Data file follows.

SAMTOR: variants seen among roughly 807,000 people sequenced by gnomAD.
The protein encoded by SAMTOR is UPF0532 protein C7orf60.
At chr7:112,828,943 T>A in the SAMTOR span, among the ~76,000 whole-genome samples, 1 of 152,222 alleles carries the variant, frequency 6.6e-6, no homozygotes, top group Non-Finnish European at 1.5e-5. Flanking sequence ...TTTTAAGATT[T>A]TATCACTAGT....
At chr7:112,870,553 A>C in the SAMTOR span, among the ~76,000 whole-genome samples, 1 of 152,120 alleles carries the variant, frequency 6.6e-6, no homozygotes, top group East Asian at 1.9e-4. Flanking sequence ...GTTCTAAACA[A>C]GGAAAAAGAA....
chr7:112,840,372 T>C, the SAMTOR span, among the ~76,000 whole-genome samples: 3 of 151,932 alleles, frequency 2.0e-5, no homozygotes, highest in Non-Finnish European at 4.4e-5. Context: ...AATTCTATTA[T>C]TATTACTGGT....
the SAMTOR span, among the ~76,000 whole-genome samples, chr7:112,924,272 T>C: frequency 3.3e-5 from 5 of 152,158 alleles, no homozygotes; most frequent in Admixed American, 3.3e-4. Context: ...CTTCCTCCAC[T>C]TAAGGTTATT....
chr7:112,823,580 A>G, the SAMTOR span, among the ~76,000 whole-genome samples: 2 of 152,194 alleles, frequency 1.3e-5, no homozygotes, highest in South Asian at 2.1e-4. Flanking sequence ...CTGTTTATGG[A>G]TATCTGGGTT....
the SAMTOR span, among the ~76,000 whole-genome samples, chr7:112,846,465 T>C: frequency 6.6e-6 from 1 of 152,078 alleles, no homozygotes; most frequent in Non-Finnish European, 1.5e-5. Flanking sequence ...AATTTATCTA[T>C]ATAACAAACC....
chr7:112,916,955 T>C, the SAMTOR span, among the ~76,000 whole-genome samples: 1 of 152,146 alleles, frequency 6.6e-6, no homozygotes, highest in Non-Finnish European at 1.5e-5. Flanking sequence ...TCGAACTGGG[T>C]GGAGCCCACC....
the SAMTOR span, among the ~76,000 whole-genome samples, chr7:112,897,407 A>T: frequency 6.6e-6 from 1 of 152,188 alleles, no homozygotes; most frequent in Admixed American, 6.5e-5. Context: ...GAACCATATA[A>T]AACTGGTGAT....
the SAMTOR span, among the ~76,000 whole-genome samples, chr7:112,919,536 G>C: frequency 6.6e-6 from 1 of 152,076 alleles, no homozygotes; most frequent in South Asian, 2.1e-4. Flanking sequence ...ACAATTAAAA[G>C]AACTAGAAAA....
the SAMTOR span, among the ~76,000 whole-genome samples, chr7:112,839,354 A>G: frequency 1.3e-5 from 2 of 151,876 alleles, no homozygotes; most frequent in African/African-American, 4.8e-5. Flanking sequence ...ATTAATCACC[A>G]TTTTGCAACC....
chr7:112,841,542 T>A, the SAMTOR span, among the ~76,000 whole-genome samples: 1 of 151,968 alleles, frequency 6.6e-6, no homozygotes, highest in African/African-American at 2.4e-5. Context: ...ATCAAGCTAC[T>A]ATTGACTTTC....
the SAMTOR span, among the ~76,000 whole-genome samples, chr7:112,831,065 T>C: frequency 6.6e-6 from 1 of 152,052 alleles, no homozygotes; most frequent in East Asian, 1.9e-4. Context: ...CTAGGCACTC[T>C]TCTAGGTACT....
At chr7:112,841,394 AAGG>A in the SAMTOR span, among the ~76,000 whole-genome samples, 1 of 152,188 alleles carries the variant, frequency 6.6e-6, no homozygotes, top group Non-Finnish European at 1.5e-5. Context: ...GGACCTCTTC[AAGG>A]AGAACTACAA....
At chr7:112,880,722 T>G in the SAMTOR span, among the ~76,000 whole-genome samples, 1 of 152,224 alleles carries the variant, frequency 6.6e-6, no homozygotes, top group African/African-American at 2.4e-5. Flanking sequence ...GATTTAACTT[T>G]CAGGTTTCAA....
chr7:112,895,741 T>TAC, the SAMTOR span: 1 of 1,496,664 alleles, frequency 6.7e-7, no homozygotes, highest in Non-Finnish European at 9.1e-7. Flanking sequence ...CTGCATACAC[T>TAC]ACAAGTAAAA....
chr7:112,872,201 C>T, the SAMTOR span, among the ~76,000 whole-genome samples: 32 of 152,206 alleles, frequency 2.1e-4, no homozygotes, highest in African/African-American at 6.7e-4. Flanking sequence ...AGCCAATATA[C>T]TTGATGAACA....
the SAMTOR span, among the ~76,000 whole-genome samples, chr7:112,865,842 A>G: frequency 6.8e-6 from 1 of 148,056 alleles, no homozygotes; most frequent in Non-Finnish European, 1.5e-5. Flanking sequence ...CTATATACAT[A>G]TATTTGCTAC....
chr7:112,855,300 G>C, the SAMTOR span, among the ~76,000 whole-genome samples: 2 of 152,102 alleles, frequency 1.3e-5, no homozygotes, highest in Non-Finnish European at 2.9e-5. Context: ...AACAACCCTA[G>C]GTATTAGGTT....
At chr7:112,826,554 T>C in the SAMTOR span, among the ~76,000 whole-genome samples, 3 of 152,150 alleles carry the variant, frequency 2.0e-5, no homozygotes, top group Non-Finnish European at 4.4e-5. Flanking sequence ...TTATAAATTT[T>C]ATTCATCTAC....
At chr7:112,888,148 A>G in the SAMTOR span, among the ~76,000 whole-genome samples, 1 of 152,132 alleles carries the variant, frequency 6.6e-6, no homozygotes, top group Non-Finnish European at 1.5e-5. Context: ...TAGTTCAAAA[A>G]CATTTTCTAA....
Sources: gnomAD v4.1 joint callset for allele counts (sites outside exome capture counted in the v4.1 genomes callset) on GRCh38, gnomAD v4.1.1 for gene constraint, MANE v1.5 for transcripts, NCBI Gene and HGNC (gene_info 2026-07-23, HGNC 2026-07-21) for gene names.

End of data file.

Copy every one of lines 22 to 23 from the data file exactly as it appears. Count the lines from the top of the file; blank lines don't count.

At chr7:112,888,148 A>G in the SAMTOR span, among the ~76,000 whole-genome samples, 1 of 152,132 alleles carries the variant, frequency 6.6e-6, no homozygotes, top group Non-Finnish European at 1.5e-5. Context: ...TAGTTCAAAA[A>G]CATTTTCTAA....
Sources: gnomAD v4.1 joint callset for allele counts (sites outside exome capture counted in the v4.1 genomes callset) on GRCh38, gnomAD v4.1.1 for gene constraint, MANE v1.5 for transcripts, NCBI Gene and HGNC (gene_info 2026-07-23, HGNC 2026-07-21) for gene names.